Athlete


Date Inducted: 10 Dec 1985
Sport: Rowing
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Edward Trickett - Rowing

The first Australian to be recognised as a world champion, in any sport, was a rower. His name was Edward Trickett and on June 27, 1876, he defeated James Sadler on the Thames River in England for the world title. Winner of over 150 trophies, Trickett was one of the most versatile rowers of his time.

Trickett's first race was in the Anniversary Day Regatta at the age of ten where he finished second in the under 16 maiden sculls. At the age of 14 he won the 12-foot dinghy title also at the Anniversary Day Regatta.

By the year 1874 he was gaining a reputation as a rower and in the Balmain Regatta of that year, he won the outrigger race and was in the winning whaleboat crew. Later that same year he placed second to Michael Rush in the Clarence River Champion Outrigger Race. At the Anniversary Regatta of 1875 he won the light skiffs race and was now the best sculler in the colony of New South Wales.

In May 1876 the Sydney innkeeper, James Punch, a former sculler himself, took Trickett to England where he won Australia's first world sporting title on June 27, 1876, by defeating the two-time champion, Englishman Joseph Sadler, for the world championship, starting a golden age for Australian professional sculling. On the Putney to Mortlake course on the Thames he beat Sadler in a time of 24 mins 36 secs. Upon his return to Sydney, 25,000 people greeted him and he was wined and dined all around the state.

Trickett won several races over the next couple of years and earned enough money to buy a hotel. He became licensee of Trickett's Hotel and later became the proprietor of the International Hotel which was located on the corner of Pitt and King Streets in Sydney.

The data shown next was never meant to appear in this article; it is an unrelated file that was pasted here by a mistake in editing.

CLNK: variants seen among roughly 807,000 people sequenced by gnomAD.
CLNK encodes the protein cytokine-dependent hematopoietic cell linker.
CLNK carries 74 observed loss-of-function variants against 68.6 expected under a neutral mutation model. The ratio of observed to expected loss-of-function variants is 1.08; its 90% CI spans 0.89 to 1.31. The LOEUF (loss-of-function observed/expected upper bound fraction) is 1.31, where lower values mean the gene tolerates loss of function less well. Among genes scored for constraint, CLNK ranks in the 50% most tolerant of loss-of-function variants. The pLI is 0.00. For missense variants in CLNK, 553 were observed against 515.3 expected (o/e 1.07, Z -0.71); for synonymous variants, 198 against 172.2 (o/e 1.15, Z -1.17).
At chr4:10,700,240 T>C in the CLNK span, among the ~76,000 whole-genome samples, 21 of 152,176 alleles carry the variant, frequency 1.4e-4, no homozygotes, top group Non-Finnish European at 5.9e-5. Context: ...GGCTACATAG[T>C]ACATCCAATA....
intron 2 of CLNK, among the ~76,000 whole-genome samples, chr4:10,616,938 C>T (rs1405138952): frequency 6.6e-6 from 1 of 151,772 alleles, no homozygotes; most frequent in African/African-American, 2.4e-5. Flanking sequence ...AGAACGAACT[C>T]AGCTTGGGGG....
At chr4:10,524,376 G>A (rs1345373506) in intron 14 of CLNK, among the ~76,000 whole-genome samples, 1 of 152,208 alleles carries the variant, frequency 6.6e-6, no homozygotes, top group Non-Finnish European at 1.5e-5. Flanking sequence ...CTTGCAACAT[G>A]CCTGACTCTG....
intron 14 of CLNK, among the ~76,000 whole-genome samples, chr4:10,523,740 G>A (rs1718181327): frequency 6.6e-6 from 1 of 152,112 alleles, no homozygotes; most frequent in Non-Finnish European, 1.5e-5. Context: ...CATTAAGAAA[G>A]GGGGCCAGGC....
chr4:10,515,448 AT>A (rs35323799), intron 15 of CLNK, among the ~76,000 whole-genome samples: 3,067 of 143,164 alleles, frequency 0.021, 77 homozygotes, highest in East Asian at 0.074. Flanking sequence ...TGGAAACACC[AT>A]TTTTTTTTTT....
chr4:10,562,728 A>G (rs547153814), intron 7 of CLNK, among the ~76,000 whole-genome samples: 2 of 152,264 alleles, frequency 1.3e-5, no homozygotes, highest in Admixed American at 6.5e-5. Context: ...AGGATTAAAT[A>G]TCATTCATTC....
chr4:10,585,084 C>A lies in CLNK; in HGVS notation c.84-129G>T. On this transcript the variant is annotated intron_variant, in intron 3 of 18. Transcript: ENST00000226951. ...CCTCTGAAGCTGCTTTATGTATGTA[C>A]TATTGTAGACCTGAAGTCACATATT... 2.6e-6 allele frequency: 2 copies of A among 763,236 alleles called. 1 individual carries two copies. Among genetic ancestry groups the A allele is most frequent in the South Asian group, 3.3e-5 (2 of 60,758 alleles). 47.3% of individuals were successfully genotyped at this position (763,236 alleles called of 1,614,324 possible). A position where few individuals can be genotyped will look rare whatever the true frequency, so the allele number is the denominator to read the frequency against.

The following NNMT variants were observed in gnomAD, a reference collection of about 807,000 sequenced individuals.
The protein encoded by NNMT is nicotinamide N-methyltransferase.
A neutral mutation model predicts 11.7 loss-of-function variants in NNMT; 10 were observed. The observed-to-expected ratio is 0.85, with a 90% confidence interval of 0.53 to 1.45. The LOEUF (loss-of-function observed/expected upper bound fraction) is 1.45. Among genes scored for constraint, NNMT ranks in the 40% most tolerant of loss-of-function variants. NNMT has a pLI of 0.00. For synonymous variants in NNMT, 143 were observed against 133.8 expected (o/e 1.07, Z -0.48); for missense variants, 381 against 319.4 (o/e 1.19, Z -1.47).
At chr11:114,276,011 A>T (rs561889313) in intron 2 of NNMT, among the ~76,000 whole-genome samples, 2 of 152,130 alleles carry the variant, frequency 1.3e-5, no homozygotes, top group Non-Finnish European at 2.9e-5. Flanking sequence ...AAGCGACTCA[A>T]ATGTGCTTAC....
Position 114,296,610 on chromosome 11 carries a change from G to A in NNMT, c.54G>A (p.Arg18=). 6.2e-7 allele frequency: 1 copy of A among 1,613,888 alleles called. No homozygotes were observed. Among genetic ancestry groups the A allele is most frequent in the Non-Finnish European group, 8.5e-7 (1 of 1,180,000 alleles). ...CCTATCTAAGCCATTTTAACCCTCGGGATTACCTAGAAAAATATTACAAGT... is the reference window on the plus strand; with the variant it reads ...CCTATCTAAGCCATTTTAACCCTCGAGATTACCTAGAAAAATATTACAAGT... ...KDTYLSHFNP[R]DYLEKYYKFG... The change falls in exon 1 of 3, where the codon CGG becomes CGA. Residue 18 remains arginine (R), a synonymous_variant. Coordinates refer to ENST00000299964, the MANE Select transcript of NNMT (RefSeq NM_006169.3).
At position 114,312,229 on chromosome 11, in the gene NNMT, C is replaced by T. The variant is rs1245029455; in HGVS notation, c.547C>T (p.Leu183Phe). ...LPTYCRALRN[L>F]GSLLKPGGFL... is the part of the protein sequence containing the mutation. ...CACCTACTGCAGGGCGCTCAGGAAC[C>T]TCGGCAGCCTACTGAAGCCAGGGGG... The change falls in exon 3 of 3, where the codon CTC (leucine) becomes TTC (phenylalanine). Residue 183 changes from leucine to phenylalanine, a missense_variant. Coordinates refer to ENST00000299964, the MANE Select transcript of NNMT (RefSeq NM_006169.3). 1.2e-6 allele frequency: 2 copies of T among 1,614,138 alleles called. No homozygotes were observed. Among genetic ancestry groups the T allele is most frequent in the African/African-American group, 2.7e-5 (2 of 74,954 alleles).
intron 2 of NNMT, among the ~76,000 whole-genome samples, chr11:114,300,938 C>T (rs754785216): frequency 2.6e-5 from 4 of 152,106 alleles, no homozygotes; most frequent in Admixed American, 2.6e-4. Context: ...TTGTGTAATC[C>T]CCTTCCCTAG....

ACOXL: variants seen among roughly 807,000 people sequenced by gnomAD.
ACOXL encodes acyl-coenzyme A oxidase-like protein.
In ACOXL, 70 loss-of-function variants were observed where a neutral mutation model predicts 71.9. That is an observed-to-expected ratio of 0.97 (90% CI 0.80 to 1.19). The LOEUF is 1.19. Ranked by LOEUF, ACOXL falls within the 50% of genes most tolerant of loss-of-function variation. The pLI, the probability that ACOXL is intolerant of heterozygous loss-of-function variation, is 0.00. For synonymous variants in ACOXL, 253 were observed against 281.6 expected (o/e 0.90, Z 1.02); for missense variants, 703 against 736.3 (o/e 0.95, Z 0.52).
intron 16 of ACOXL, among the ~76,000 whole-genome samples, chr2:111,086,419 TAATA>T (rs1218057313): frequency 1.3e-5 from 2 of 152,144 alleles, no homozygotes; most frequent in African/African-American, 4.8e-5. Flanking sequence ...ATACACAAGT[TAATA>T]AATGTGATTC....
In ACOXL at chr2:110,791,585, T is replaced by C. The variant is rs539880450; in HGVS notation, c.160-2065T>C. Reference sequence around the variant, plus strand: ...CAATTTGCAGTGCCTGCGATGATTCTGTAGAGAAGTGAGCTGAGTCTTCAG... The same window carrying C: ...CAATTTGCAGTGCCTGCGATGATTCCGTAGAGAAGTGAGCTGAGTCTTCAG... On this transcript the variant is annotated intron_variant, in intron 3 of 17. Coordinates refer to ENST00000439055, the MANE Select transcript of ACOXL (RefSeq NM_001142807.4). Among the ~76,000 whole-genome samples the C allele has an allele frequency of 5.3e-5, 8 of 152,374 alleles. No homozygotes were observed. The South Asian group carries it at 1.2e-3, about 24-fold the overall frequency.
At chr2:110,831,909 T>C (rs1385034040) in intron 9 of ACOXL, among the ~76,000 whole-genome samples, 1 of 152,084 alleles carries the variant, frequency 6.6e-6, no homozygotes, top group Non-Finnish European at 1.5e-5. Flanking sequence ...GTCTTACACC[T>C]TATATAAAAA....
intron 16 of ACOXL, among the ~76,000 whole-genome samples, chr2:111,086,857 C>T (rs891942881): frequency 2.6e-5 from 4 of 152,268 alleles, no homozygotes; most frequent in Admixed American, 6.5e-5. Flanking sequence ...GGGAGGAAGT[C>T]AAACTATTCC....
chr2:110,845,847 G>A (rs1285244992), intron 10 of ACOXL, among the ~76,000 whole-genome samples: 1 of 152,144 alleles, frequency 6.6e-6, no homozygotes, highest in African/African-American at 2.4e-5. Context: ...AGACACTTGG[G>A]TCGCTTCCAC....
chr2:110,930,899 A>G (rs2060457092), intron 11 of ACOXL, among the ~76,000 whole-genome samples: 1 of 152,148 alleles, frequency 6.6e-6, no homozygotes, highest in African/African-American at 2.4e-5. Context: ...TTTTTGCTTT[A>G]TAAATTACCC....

In June 1877 Rush challenged Trickett for the NSW championship. The race was unequal because Trickett used the new sliding seat and Rush continued to use a fixed seat. In a £200-a-side race, Trickett won, after training daily for a month. Alan May reports in 'Sydney Rows' magazine that it was "a race that was said to have excited more interest than any other event that has ever happened in the sporting world of Australia".

In June 1878, the champion sculler was involved in an accident when a rolling keg of beer crushed his hand and several fingers had to be amputated. This was to affect the balance of his stroke in future races and was possibly the cause of the downturn in his rowing but in August 1879 he defeated Elias Laycock in a £200-a-side championship contest. Laycock was without doubt one of Australia's finest scullers but was never able to become world champion.

In June 1880 he travelled to England but lost his world title in November to the Canadian Ned Hanlan on the Thames and was also defeated in a match race by Wallace Ross. The title race seemed to be over before they reached Hammersmith Bridge, Trickett lost to the Canadian in a time of 26:12 seconds and three lengths behind; thus losing his world title.

Two years later in 1882 aged 31 years he challenged Hanlan for the title but lost again to the Canadian. Hanlan was to go on and become one of the greatest rowers of all time. Trickett returned to Australia and in 1884 he moved to the Oxford Arms Hotel in Rockhampton, Queensland. He had apparently been given the hotel by an admirer.

On June 14, 1888 he came out of retirement to race Hanlan on the Fitzroy River. Some 10,000 spectators watched Trickett, then aged 37, be beaten and lose his money on this race.

Although associated with the hotel industry for much of his life, Trickett seemingly found religion after having been duck shooting on the Sabbath. It is reputed that he changed his ways and became a teetotaller. He also became an envoy for the Salvation Army and worked in the Department of Trade and Customs for some time.

In 1916, whilst visiting his son in Uralla, NSW, Trickett was injured working in a gold mine when the walls of the mine shaft collapsed. He died a few days later from the injuries.

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When considering the stature of an athlete or for that matter any person, I set great store in certain qualities which I believe to be essential in addition to skill. They are that the person conducts his of her life with dignity, with integrity, courage, and perhaps most of all, with modesty. These virtues are totally compatible with pride, ambition, and competitiveness.